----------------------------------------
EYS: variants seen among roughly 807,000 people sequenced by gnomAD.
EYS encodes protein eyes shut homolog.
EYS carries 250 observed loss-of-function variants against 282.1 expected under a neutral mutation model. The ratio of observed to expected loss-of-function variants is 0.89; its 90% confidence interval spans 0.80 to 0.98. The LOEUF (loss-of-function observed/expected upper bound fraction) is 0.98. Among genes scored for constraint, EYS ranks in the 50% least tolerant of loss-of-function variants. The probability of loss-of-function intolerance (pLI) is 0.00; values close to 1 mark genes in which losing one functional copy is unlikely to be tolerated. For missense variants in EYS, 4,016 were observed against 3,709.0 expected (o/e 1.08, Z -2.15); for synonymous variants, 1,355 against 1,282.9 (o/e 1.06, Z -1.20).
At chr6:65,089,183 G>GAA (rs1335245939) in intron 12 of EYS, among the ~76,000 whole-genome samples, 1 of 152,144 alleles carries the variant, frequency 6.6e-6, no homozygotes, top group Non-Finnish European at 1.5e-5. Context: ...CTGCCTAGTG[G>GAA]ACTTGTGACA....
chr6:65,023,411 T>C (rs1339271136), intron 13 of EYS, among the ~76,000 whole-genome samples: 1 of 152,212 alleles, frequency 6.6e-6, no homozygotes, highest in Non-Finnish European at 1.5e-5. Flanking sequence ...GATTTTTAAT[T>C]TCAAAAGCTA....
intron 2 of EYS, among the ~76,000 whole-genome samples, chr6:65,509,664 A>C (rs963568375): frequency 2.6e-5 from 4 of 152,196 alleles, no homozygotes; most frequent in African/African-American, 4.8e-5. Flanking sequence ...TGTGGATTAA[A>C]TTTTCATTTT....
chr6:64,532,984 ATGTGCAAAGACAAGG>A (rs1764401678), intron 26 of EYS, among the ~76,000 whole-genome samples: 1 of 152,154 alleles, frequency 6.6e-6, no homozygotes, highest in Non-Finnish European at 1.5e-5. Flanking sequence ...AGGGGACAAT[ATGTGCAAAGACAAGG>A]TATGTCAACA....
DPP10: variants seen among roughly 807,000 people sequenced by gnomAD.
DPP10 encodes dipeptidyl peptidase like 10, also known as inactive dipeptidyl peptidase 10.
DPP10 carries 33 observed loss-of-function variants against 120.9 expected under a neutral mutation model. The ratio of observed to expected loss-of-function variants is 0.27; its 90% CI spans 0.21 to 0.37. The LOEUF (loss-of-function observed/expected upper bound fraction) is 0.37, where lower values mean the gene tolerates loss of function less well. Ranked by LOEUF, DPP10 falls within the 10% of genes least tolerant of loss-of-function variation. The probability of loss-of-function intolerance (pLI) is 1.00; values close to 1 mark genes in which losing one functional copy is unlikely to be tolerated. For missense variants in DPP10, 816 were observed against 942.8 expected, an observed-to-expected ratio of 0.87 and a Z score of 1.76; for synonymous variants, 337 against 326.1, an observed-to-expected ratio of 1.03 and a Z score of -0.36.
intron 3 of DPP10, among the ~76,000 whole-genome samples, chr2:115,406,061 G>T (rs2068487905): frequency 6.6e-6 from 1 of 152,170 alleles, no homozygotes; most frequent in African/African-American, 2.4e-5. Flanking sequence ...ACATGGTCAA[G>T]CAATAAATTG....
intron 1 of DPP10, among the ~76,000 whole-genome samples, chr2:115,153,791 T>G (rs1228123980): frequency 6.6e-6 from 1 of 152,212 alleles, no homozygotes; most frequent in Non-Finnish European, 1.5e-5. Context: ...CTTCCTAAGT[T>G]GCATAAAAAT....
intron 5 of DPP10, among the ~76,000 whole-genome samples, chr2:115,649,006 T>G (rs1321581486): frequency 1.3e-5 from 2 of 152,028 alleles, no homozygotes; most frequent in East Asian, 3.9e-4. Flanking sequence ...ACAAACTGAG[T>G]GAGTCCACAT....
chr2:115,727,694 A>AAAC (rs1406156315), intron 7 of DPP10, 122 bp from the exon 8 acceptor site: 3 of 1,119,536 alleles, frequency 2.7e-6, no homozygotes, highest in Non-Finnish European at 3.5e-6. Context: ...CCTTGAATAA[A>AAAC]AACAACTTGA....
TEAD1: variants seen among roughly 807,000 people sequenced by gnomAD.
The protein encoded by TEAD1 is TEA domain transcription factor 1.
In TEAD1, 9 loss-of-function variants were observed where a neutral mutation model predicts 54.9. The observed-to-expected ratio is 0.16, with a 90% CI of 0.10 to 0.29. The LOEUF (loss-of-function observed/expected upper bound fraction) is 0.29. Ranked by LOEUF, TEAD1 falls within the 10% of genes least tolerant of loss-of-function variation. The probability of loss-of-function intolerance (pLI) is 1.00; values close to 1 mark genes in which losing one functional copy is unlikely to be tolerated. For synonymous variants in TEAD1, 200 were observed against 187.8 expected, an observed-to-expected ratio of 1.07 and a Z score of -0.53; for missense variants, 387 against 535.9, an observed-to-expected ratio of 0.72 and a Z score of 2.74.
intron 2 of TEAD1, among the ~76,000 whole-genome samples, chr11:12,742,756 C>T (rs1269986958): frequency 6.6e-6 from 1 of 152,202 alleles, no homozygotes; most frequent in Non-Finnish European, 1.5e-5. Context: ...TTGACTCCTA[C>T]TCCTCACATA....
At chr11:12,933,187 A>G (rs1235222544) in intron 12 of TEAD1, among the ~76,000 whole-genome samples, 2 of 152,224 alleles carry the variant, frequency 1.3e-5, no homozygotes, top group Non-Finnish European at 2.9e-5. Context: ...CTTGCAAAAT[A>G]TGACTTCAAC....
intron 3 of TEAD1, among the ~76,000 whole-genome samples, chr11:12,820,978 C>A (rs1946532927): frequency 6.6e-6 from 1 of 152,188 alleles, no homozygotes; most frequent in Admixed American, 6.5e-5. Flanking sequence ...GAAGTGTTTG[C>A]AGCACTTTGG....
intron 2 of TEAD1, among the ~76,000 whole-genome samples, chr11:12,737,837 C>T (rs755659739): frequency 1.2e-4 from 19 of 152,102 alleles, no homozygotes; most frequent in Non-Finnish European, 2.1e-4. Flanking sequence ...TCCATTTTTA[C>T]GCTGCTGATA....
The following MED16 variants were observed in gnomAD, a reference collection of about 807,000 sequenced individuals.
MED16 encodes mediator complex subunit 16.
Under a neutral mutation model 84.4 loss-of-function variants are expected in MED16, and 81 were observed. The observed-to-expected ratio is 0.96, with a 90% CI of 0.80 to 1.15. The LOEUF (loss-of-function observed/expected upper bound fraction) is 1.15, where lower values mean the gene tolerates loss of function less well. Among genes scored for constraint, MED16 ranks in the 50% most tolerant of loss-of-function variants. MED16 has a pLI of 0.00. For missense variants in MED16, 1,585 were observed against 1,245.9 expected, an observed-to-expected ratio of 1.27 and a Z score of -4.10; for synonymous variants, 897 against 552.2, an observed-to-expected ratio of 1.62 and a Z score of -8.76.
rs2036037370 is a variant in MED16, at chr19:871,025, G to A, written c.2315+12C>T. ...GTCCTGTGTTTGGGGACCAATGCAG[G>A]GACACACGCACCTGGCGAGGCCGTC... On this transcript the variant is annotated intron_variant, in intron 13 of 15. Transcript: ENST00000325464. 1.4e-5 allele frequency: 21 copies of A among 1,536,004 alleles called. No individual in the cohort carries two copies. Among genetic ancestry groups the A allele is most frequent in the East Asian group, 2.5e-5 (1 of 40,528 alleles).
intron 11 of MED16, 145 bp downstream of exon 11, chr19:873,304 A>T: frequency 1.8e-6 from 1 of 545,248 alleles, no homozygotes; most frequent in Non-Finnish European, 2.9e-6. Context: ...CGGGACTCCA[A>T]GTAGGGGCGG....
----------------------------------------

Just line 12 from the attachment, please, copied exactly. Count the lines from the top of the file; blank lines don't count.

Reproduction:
intron 1 of DPP10, among the ~76,000 whole-genome samples, chr2:115,153,791 T>G (rs1228123980): frequency 6.6e-6 from 1 of 152,212 alleles, no homozygotes; most frequent in Non-Finnish European, 1.5e-5. Context: ...CTTCCTAAGT[T>G]GCATAAAAAT....